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62 use of specialized VLSI hardware devices such as array processors and Fourier transform chips, seems certain to increase the level of computer science expertise demanded of practitioners of scientific computation. Finally, where analytical models of the type common in the physical sciences are not available, statistical models will often serve as a substitute. Statistical models are, of course, a primary tool for medical, economic, and social scientists. Computation in these fields therefore requires an extensive knowledge of the principles of statistics, of the mathematical properties of statistical modeling techniques, and of existing statistical packages. This requirement and the need to use efficient computational procedures (when they exist) make it necessary for practitioners of scientific computing to have multiple scientific citizenship, i.e., to maintain a solid standing in an external scientific discipline while at the same time acquiring close familiarity with the specialized tech- niques of numerical analysis and the much larger and more amorphous mass of computer-related detail and programming methodology that they also need to apply. m e fact that they need a high level of expertise in some external science means that most practitioners of large-scale computing are trained as physicists, chemists, physiologists, etc., rather than as computer scientists. It has generally proved easier for scientists to learn computing than for computer specialists to acquire these more mature sciences, perhaps because the numerical analysis required for scientific computing no longer forms any substantial part of the computer science curriculum, and the external science never did. However, practitioners of scientific computing who wish to operate with the best techniques available are coming to require more formal training in computer science than was formerly necessary, and the need to invest time in these studies is making it harder for them to maintain contact with their original scientific disciplines. In the absence of adequate computer science training, a scientist engaged in carrying out a major calculation may be misled by the ease with which a language like FORTRAN can be used into ignoring the subtle algorithmic issues that must be faced in constructing efficient, numerically sound programs. STRENGTHS AND WEAKNESSES IN THE ORGANI ZATION OF SCIENTIFIC CO - =ING m e fact that they must draw on the results of many types of scientific, numerical, and computer science research, plus the fact that practi- tioners of scientific computing are typically trained in scientific fields with well-established scientific literatures, makes this community particularly sensitive to the importance of improved methods, and particularly likely to use the latest algorithms and numerical methods, provided only that awareness of these techniques is present. The pitfalls inherent in the fact that scientific computing is generally conducted by researchers having very limited training in formal computer science are somewhat alleviated by the fact that much advanced scientific computing is conducted at sites where contact with trained computer scientists is easily established, for example, at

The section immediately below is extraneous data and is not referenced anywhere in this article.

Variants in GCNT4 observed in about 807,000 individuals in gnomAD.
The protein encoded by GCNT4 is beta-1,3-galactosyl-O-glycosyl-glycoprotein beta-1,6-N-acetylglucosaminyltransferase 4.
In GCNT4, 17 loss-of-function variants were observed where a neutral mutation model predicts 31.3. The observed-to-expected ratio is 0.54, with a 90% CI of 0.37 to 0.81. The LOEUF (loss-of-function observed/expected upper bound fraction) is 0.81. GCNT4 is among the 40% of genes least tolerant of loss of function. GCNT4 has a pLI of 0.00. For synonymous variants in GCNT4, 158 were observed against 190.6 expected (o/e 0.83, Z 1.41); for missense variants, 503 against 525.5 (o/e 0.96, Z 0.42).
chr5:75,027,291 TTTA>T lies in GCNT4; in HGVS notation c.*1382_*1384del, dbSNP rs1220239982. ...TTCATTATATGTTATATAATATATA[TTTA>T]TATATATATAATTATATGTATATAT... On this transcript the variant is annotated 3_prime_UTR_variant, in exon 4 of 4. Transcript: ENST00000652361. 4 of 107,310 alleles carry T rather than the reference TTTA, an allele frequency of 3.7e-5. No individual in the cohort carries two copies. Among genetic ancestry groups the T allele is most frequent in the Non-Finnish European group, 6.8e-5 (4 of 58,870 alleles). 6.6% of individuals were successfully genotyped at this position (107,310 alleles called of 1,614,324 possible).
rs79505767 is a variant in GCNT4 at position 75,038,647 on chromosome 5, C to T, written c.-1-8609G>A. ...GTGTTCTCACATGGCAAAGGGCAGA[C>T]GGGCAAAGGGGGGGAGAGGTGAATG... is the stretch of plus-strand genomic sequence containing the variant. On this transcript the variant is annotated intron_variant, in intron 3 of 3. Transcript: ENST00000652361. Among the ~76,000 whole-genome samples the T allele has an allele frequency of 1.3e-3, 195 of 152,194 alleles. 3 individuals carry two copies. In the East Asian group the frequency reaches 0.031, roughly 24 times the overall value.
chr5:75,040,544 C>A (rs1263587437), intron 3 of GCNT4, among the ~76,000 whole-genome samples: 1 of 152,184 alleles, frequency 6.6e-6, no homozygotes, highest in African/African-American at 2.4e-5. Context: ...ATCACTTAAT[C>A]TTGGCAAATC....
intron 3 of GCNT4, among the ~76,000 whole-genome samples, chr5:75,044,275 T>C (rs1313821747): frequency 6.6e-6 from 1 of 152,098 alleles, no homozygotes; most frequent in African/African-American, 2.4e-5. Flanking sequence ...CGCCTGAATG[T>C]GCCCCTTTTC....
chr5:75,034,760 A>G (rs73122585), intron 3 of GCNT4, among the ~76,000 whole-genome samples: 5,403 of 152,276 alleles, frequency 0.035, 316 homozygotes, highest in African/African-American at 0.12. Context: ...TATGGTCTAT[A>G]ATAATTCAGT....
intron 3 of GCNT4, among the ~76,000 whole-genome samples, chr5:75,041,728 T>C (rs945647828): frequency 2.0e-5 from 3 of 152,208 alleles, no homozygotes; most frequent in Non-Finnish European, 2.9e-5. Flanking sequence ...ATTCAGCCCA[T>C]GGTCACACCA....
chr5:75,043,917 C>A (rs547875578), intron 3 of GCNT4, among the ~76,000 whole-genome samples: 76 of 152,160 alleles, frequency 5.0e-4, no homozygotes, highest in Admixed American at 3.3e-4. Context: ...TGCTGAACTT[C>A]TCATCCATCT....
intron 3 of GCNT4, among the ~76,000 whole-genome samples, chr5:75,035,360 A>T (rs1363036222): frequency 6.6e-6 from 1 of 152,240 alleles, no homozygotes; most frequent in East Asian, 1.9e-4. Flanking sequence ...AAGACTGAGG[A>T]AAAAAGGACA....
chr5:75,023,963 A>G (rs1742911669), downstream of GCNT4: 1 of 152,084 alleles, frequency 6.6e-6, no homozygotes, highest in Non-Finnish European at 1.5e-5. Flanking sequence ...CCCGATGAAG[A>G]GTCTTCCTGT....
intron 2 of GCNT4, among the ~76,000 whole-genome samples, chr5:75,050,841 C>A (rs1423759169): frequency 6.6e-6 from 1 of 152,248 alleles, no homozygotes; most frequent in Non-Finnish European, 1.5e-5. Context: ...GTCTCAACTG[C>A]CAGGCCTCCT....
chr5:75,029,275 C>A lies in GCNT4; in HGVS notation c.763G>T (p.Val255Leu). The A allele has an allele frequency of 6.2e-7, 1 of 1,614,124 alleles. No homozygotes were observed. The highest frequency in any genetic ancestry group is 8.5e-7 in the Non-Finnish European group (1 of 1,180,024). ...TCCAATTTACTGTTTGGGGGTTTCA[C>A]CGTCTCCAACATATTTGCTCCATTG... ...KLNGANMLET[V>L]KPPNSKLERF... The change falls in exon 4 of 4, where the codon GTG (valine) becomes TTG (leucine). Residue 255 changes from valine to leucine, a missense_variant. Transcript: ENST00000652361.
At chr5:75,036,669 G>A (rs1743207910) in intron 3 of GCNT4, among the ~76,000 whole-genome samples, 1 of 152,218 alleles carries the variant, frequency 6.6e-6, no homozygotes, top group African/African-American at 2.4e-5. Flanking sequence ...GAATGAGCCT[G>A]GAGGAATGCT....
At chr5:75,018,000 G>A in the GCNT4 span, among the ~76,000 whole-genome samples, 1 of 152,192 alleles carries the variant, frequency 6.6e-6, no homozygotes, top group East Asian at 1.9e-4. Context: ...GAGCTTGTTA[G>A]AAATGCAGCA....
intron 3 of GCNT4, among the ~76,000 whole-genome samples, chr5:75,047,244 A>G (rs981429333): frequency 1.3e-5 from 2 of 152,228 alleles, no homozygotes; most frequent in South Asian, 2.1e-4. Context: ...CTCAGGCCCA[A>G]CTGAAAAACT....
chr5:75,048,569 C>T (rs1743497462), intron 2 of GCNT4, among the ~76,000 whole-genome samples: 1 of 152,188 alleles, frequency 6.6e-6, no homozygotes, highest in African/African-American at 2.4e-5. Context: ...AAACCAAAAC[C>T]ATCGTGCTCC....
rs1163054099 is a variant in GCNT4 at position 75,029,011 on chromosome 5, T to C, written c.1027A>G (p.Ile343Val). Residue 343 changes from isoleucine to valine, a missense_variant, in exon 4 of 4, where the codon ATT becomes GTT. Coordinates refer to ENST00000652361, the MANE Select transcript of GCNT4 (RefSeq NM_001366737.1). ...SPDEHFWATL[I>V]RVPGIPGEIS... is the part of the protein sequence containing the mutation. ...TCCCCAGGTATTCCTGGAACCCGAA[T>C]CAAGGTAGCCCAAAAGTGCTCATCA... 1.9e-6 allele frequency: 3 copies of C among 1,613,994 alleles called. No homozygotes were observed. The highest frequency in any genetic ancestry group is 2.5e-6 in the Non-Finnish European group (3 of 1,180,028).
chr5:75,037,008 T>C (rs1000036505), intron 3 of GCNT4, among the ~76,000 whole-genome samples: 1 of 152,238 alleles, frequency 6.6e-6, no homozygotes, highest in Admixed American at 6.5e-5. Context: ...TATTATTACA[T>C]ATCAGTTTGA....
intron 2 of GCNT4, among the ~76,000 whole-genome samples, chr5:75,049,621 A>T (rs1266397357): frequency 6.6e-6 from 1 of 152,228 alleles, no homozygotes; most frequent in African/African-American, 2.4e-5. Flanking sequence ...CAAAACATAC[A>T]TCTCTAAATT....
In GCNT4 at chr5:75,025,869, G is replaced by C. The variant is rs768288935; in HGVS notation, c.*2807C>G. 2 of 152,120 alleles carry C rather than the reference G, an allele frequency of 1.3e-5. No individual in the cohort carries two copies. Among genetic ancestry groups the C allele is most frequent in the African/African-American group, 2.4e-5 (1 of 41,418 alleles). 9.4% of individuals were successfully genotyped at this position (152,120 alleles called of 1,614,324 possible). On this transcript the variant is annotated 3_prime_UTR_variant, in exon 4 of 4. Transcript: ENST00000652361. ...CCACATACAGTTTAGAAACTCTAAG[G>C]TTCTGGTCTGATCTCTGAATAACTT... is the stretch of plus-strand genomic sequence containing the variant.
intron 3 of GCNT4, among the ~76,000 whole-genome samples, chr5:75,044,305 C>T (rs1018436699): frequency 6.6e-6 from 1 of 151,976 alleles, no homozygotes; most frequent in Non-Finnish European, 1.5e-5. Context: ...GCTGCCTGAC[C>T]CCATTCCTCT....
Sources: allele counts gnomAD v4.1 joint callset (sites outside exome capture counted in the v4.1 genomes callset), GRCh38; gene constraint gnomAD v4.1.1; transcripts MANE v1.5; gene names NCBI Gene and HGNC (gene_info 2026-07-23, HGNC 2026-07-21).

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63 high-energy physics laboratories and major medical research centers attached to universities. Many such centers of large-scale scientific computing, especially the high-energy physics laboratories, attract numerical analysts from academia during summers and sabbaticals, partly because they provide access to the most advanced large-scale computing resources. Visits of this type furnish opportunities for numerical analysts to become aware of problems affecting major scientific compu- tations, and for applications-oriented scientists to become aware of the latest advances in technique devised by the academic researchers. However, the frequency and breadth of this interaction are limited by the geographic remoteness of many of the large laboratory centers of scientific computing from the nearest strong university computer science departments. In some cases, contact is also hampered by the fact that laboratory computing tends to be dominated by very strongly mission-focused scientific groups having only limited sympathy for generalized research in scientific computing, whose payoff is less direct and may lie several years in the future. Laboratory computing centers have also tended to fall behind academic ones in providing the first-class interactive software development tools to which the academic computer scientists have become accustomed. Often the old-fashioned batch-oriented computing environment of a large scientific computing center may strike an academic researcher as being unattractive, if not unworkable. In some cases, especially in the case of high-energy physics or medical centers carrying out large programs of applied scientific computation, a scientific computing center's ability to obtain the numerical and software consultation it needs may be hampered by an overwhelming ratio of computer users to trained specialists in scientific computation. Even if a common university connection links such a center to a university department, the typical department will have only a small handful of faculty members specializing in numerical analysis, and the number of applied statisticians available to a medical research establishment containing hundreds-of medical researchers can be equally limited. Although the ability of a computer science depart- ment to deal with a heavy demand for applied advice can sometimes be _ . . . . . stretched by using advanced graduate students as application advisors, a small department will soon find itself unable to cope with the requirements of a much larger scientific computing group. Industry's access to the results of academic research is less secure than that of governmental and nonprofit research laboratories. Although industrial research laboratories often attempt to maintain contact with academic work, for example, by sponsoring seminars and sometimes by recruiting academic researchers to spend longer periods in industry, the narrow focus of some industrial work, industry's relative indifference to academic publications, and occasional corporate reluctance to approve publication because of proprietary concerns all act to inhibit the university numerical analysts' willingness to invest effort at industrial sites. The relationship of scientific-computation-related pursuits to the broader field of computer science is also a source of some difficulties. AS we have noted, the relative weight of numerical analysis within the